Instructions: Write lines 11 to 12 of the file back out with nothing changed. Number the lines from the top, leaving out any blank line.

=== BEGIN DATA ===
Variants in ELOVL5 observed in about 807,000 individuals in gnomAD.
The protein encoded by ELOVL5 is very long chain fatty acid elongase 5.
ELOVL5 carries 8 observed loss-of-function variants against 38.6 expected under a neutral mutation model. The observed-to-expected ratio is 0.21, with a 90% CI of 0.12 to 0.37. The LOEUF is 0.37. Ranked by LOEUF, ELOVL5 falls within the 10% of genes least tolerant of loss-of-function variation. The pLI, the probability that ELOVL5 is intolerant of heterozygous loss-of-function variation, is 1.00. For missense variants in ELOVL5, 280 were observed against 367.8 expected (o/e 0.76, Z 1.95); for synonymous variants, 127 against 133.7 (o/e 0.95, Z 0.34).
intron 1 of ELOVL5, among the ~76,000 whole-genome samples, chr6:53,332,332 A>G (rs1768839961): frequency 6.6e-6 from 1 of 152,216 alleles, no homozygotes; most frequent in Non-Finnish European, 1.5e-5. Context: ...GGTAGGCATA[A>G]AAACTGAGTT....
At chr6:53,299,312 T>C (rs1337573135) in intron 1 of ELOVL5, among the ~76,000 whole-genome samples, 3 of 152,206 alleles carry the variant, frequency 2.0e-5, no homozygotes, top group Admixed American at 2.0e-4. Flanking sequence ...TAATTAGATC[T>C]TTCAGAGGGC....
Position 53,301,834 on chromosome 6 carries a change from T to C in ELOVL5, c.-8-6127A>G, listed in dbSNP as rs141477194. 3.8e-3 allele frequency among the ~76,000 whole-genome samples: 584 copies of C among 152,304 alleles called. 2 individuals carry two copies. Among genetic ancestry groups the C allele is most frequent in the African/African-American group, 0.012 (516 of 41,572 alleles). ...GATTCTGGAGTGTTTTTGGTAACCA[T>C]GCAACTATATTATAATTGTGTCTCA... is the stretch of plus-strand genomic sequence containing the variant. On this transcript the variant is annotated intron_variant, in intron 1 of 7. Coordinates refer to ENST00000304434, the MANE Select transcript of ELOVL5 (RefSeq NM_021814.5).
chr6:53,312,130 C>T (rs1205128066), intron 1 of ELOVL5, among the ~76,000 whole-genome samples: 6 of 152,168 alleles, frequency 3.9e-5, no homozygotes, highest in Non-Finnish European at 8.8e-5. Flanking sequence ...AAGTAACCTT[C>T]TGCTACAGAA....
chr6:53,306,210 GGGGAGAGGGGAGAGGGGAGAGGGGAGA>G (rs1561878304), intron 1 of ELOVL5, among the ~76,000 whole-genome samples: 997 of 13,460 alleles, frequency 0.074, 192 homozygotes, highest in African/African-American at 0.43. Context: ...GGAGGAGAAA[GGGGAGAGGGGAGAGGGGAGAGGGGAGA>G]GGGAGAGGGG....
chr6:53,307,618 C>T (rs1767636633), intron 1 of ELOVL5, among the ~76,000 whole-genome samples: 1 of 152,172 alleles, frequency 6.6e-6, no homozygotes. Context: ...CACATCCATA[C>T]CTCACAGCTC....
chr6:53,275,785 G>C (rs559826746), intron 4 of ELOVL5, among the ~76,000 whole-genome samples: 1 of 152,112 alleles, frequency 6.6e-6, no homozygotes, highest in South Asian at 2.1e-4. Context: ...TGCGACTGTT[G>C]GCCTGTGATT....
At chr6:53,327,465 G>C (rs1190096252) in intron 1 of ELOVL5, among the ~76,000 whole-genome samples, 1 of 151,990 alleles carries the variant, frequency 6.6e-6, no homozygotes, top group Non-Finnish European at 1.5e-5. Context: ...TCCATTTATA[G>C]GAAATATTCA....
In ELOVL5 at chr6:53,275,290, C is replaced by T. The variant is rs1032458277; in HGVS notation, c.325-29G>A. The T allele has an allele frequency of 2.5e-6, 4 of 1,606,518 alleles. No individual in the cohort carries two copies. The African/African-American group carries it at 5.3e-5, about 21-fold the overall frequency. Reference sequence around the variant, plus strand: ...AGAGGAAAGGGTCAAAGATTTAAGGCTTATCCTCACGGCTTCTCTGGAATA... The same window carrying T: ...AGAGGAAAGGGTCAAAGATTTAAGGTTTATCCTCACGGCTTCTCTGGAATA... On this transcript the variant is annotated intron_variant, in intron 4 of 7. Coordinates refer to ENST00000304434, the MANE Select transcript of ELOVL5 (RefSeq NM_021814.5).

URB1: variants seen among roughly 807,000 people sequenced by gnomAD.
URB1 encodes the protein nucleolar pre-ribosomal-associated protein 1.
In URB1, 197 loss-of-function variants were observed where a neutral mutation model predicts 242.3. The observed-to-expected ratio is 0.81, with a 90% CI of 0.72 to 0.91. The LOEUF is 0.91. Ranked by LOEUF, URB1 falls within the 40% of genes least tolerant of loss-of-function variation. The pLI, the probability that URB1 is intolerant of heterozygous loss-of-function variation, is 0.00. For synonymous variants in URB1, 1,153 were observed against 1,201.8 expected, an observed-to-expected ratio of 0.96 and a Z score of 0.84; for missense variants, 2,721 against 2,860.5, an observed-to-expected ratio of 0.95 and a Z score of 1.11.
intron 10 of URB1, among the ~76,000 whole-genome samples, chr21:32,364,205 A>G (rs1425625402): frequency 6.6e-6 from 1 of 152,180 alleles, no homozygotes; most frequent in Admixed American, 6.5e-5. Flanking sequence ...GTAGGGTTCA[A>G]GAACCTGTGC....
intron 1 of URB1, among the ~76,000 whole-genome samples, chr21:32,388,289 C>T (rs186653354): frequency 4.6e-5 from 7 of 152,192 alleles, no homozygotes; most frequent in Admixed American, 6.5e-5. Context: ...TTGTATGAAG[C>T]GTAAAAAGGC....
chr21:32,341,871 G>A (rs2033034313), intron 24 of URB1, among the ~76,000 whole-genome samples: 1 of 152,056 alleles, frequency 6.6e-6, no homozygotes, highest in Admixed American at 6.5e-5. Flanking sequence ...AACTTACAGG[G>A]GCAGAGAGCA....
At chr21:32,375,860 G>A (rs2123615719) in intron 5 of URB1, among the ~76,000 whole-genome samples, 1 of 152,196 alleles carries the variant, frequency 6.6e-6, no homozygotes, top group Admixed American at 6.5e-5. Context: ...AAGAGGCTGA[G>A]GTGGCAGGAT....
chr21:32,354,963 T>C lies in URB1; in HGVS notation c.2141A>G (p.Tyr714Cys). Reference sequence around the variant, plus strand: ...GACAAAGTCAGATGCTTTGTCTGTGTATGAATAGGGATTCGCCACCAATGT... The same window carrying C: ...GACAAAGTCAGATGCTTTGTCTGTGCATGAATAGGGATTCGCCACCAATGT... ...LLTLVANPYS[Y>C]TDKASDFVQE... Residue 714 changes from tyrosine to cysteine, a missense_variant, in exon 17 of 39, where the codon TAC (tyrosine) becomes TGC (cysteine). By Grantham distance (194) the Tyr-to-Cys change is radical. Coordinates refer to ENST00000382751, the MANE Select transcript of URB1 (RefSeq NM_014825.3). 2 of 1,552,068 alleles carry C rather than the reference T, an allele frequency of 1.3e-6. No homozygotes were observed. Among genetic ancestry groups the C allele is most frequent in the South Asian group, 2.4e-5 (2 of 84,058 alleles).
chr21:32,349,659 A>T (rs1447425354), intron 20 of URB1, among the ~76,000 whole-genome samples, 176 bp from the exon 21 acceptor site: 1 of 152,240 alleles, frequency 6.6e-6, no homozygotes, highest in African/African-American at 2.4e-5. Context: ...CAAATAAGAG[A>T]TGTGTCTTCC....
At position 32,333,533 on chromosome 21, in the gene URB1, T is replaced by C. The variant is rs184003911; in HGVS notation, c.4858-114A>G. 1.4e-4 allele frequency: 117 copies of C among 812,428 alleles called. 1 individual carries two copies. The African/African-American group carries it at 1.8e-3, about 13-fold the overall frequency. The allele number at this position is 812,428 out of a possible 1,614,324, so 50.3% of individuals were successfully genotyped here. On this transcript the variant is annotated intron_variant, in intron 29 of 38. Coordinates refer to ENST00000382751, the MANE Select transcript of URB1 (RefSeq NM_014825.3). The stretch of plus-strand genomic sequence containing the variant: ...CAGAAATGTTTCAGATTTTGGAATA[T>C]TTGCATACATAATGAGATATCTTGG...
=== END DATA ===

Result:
At chr6:53,327,465 G>C (rs1190096252) in intron 1 of ELOVL5, among the ~76,000 whole-genome samples, 1 of 151,990 alleles carries the variant, frequency 6.6e-6, no homozygotes, top group Non-Finnish European at 1.5e-5. Context: ...TCCATTTATA[G>C]GAAATATTCA....
In ELOVL5 at chr6:53,275,290, C is replaced by T. The variant is rs1032458277; in HGVS notation, c.325-29G>A. The T allele has an allele frequency of 2.5e-6, 4 of 1,606,518 alleles. No individual in the cohort carries two copies. The African/African-American group carries it at 5.3e-5, about 21-fold the overall frequency. Reference sequence around the variant, plus strand: ...AGAGGAAAGGGTCAAAGATTTAAGGCTTATCCTCACGGCTTCTCTGGAATA... The same window carrying T: ...AGAGGAAAGGGTCAAAGATTTAAGGTTTATCCTCACGGCTTCTCTGGAATA... On this transcript the variant is annotated intron_variant, in intron 4 of 7. Coordinates refer to ENST00000304434, the MANE Select transcript of ELOVL5 (RefSeq NM_021814.5).